This chapter examines structural regulation and reform in the UK. Structural reforms refer to direct regulatory intervention into a bank’s business structure. This applies particularly to large banking groups in the UK. In brief, large banking groups in the UK may be compelled by regulation to restructure themselves for the purposes of preserving key economic functions that are socially important while maintaining their competitive edge. Although structural reforms are aimed first and foremost at containing systemic risk and improving the resolvability of banks, these reforms may also go some way towards changing the culture of banks, especially retail banks, so that the conduct of retail banks may be more aligned with the public interest in their social utility functions. The chapter then considers other options in structural reforms, which include the Volcker Rule implemented in the US as well as the superseded Glass–Steagall Act.

Chapter

Cover Essential Cases: EU Law

Inuit Tapiriit Kanatami and others v European Parliament and Council of the European Union (Cases T-18/10 and C-583/11 P ‘Inuit I’), EU:T:2011:419, 6 September 2011/ EU:C:2013:625, 3 October 2013  

Essential Cases: EU Law provides a bridge between course textbooks and key case judgments. This case document summarizes the facts and decision in Inuit Tapiriit Kanatami and others v European Parliament and Council of the European Union (Cases T-18/10 and C-583/11 P ‘Inuit I’), EU:T:2011:419, 6 September 2011/ EU:C:2013:625, 3 October 2013. The document also includes supporting commentary from author Noreen O'Meara.

Chapter

Cover Essential Cases: EU Law

Inuit Tapiriit Kanatami and others v European Parliament and Council of the European Union (Cases T-18/10 and C-583/11 P ‘Inuit I’), EU:T:2011:419, 6 September 2011/ EU:C:2013:625, 3 October 2013  

Essential Cases: EU Law provides a bridge between course textbooks and key case judgments. This case document summarizes the facts and decision in Inuit Tapiriit Kanatami and others v European Parliament and Council of the European Union (Cases T-18/00 and C-583/11 P ‘Inuit I’), EU:T:2011:419, 6 September 2011/ EU:C:2013:625, 3 October 2013. The document also includes supporting commentary from author Noreen O’Meara.

Chapter

Cover Birnie, Boyle, and Redgwell's International Law and the Environment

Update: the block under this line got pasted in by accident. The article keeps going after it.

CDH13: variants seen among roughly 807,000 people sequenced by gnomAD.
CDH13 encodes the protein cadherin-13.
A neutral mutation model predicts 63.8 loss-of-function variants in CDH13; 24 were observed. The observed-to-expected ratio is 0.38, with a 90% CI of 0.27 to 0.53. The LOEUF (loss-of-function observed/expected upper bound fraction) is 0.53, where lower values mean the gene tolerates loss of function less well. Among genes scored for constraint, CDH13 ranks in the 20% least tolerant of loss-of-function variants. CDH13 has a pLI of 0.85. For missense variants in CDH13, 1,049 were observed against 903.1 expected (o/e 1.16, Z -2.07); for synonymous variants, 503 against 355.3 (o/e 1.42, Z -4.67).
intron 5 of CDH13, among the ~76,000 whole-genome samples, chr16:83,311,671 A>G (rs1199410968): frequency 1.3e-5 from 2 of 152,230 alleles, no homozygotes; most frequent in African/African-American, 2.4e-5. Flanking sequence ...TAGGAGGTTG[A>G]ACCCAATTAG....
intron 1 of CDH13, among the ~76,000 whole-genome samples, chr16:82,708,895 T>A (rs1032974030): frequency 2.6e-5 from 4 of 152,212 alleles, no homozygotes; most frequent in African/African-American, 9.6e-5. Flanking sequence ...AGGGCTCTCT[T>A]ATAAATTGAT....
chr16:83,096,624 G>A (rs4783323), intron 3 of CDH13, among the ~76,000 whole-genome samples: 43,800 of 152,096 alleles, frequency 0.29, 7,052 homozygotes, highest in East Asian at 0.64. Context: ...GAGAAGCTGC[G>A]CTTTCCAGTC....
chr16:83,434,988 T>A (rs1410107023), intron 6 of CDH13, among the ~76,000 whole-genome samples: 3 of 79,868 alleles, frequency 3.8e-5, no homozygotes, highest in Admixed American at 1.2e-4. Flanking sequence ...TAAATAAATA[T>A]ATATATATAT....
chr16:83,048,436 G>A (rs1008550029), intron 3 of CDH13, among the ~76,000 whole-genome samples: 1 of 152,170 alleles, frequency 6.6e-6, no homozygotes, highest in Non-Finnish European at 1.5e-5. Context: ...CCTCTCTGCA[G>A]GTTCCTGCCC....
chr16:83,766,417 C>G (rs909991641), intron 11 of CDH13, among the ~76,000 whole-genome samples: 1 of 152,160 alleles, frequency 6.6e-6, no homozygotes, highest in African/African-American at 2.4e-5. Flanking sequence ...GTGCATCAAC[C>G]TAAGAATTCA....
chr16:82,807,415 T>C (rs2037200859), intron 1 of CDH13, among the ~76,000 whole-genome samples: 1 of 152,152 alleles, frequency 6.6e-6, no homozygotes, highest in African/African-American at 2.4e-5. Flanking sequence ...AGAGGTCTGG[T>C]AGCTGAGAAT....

6. Climate Change and Atmospheric Pollution  

This chapter looks, inter alia, at how international law has been used or could be used to help tackle the most significant environmental challenge of our time. This challenge is global climate change. Not many topics provide a good illustration of the importance of a globally inclusive regulatory regime focused on preventive and precautionary approaches to environmental harm—or of the problems of negotiating one on such a complex subject. Solutions to global climate change have not been easily forthcoming. The chapter looks at the efforts of the international regulatory regime to address these challenges by recourse to novel ‘market based’ mechanisms and differential treatment. An example is the post-Kyoto scheme for reducing greenhouse gas emissions through ‘nationally determined contributions’. In the end, the chapter argues, it is likely to be technology that enables us to grapple with the causes of climate change, not law, but law can drive technological change, as it has with ozone depletion and acid rain.

Chapter

Cover Birnie, Boyle, and Redgwell's International Law and the Environment

7. Nuclear Energy and the Environment  

This chapter gives the example of the Chernobyl reactor accident in 1986 to show that nuclear power creates risks for all states, irrespective of whether they choose this type of energy. Every state, and the global environment, is potentially affected by the possibility of radioactive contamination, the spread of toxic substances derived from nuclear energy, and the long-term health hazards consequent on exposure to radiation. Whether the nuclear power industry has now attained acceptable levels of risk to international society cannot be answered in the abstract, the chapter argues, or solely by reference to regulatory standards and technical capabilities, but must take into account public perceptions of risk, as well as the alternatives and the competing risks, such as climate change. The chapter notes that for all governments there are inevitably difficult policy choices in which there are few electoral advantages.

Chapter

Cover Environmental Law

9. Regulatory Strategy